“Guess when you found me you thought I’d tanked up on the sauce and passed out, eh?”
Paloma cleared her throat. She had. But Grandma appeared to have made an astonishing recovery.
“I wasn’t snockered ya’ little brat. It’s the effects of this powerful Blue Moon we’re having. What you witnessed was one of my visions. That’s why I gave up driving two years ago. Never knew when one would hit.”
“Vision? You mean as in a psychic vision?”
“Yep. They’re stronger during some phases of the moon, but this Blue Moon is double whammy for me. I don’t know that I’ve ever had them this close together. Now I want you to make a wish, Paloma.”
Paloma stared. “A wish? For what?”
“Dearie, everyne knows that wishes made on blue moons are magical. Now’s yer chance.”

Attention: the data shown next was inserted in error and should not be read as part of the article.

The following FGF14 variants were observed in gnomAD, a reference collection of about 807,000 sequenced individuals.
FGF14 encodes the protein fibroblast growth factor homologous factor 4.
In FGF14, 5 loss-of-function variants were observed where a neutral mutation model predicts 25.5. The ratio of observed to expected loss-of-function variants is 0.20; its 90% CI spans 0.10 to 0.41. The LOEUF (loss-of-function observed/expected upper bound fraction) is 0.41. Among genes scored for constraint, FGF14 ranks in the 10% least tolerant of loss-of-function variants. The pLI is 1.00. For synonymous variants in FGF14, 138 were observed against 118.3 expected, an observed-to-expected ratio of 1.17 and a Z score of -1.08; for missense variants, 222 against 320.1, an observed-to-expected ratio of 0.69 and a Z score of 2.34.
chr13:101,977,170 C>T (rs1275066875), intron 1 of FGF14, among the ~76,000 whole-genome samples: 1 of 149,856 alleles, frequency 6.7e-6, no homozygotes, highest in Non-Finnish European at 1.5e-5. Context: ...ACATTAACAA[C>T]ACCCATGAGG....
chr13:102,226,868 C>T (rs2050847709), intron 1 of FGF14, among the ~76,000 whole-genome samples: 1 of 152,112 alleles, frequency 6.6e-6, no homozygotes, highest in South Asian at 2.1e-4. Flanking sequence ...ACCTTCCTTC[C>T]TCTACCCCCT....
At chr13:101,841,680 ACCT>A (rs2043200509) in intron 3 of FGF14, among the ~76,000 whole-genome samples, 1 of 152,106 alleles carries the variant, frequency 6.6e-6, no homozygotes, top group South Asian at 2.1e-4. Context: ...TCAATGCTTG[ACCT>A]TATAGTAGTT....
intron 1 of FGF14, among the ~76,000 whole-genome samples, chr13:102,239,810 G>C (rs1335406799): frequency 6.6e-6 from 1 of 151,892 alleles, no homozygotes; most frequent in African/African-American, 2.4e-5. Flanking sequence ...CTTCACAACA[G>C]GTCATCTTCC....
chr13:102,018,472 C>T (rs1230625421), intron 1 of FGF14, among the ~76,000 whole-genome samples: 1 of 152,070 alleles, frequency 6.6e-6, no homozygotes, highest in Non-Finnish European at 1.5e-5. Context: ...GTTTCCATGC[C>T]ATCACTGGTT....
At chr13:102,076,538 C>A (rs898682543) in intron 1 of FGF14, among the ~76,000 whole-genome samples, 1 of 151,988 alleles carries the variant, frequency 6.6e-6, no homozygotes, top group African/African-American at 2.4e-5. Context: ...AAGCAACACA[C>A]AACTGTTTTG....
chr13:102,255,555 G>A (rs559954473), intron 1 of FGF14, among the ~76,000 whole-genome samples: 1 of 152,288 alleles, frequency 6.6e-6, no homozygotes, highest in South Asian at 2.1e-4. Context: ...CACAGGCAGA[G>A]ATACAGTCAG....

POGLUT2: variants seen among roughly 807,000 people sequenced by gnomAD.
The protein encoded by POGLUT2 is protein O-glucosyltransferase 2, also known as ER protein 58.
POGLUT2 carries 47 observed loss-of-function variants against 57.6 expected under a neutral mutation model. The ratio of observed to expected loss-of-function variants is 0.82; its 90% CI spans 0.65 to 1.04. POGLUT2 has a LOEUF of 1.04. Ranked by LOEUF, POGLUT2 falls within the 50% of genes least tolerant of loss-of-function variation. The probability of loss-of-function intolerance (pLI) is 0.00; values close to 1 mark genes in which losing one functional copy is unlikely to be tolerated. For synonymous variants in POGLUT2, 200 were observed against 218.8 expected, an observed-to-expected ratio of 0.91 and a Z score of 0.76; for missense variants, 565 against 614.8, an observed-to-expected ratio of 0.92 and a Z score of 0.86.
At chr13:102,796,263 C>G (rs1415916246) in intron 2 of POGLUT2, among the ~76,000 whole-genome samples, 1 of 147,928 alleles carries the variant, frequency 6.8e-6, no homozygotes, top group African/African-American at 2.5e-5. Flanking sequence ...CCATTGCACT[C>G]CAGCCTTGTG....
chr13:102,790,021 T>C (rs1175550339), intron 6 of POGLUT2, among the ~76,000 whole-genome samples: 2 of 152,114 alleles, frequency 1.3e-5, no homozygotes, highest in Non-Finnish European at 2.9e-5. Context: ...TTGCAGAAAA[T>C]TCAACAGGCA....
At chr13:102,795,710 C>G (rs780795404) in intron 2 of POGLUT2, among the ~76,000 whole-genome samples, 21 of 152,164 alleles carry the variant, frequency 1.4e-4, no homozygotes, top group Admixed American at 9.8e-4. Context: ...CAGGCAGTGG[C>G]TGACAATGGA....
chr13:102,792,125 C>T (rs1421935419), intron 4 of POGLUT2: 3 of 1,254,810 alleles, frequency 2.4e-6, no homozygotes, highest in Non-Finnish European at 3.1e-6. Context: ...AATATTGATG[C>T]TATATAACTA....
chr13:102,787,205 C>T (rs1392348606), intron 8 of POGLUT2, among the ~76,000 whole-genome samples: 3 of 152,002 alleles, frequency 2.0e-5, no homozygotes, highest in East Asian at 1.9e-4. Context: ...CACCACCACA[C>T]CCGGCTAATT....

Grandma Bikini was serious? Paloma didn’t have to think. She knew her exact wish. “I want Robert to come back to me,” she said softly. “That’s my only wish in the world. I want him to live again.” Emptiness filled her at the words. Nothing had changed by making a silly wish. Her burning question also hadn’t been answered. How could she save him? She sighed, exasperated. She was back to square one.
“Oh, hell!” Grandma sprang from the chair like a woman half her age. “I’m gonna miss it.” She teetered to the television set. “Today on Passion’s Crest, Maximillian Chancellor reveals his true identity to Celeste.”
Paloma had no time to waste discussing soap operas. “Grandma, I need your help.”
“You think you need help,” she said, waving her hand. “Wait ‘til Celeste gets a load of old Max. She’s gonna need a crap load of help dealing with him, too. Had his face altered at one of them fancy schmancy Swiss hospitals while he was hiding out from corrupt government agents. Actually he’s not really Max, but Reynaldo in disguise. You know, the hunky Latino gardener Celeste met and had an affair with while she was at the sanitarium recovering from a bout of amnesia? He has mob ties, you know. It’s his baby she’s carrying right now.”
“They’re going to disconnect him from life support today, Grandma.”